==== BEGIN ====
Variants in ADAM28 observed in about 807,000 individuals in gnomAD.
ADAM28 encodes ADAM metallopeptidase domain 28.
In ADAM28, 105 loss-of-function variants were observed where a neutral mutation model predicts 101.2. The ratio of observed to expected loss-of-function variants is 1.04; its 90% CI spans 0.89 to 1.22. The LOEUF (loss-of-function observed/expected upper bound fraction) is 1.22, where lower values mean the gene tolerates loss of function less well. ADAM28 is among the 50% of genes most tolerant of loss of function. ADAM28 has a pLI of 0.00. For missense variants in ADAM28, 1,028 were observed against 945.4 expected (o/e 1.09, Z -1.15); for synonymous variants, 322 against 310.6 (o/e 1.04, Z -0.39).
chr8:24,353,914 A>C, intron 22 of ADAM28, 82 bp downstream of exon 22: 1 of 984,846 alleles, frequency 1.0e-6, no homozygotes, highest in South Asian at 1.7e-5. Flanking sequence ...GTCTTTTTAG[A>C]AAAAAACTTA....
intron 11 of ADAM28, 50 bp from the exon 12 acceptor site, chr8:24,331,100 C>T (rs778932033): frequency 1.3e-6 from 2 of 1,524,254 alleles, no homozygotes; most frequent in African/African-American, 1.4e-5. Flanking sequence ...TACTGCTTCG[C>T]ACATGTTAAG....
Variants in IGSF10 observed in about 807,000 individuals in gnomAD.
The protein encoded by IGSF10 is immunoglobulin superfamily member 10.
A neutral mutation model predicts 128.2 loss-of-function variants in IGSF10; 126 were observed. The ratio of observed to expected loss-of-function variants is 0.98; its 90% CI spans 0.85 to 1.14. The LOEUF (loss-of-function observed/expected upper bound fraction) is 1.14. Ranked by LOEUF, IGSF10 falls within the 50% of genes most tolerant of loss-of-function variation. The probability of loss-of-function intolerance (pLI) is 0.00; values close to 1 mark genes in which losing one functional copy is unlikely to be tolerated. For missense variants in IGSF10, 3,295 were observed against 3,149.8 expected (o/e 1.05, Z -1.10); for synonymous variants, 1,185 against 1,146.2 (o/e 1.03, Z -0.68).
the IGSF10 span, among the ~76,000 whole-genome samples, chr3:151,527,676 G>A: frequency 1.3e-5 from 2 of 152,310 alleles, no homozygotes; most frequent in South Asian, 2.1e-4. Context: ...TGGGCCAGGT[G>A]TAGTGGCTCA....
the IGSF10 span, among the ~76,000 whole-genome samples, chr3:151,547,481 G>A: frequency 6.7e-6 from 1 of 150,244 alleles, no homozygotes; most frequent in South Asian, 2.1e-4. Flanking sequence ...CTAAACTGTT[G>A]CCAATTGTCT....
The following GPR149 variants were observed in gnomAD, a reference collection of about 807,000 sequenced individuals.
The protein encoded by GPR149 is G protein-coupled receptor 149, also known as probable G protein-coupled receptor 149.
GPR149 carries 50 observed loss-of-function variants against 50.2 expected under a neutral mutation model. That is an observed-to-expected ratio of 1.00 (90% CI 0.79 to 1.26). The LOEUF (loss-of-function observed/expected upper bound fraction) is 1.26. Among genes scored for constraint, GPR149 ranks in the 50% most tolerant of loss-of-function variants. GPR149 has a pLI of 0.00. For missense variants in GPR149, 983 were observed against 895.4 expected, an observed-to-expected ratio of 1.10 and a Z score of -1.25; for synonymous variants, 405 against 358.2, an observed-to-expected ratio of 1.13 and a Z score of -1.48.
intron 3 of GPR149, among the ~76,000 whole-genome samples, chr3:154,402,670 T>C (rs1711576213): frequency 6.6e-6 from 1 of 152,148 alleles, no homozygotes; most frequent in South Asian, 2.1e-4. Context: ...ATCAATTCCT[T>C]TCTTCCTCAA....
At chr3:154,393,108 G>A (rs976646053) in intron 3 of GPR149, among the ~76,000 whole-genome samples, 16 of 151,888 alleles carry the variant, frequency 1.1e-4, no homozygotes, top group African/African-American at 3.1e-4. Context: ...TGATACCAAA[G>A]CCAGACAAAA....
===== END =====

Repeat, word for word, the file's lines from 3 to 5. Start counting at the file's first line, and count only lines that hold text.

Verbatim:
In ADAM28, 105 loss-of-function variants were observed where a neutral mutation model predicts 101.2. The ratio of observed to expected loss-of-function variants is 1.04; its 90% CI spans 0.89 to 1.22. The LOEUF (loss-of-function observed/expected upper bound fraction) is 1.22, where lower values mean the gene tolerates loss of function less well. ADAM28 is among the 50% of genes most tolerant of loss of function. ADAM28 has a pLI of 0.00. For missense variants in ADAM28, 1,028 were observed against 945.4 expected (o/e 1.09, Z -1.15); for synonymous variants, 322 against 310.6 (o/e 1.04, Z -0.39).
chr8:24,353,914 A>C, intron 22 of ADAM28, 82 bp downstream of exon 22: 1 of 984,846 alleles, frequency 1.0e-6, no homozygotes, highest in South Asian at 1.7e-5. Flanking sequence ...GTCTTTTTAG[A>C]AAAAAACTTA....
intron 11 of ADAM28, 50 bp from the exon 12 acceptor site, chr8:24,331,100 C>T (rs778932033): frequency 1.3e-6 from 2 of 1,524,254 alleles, no homozygotes; most frequent in African/African-American, 1.4e-5. Flanking sequence ...TACTGCTTCG[C>T]ACATGTTAAG....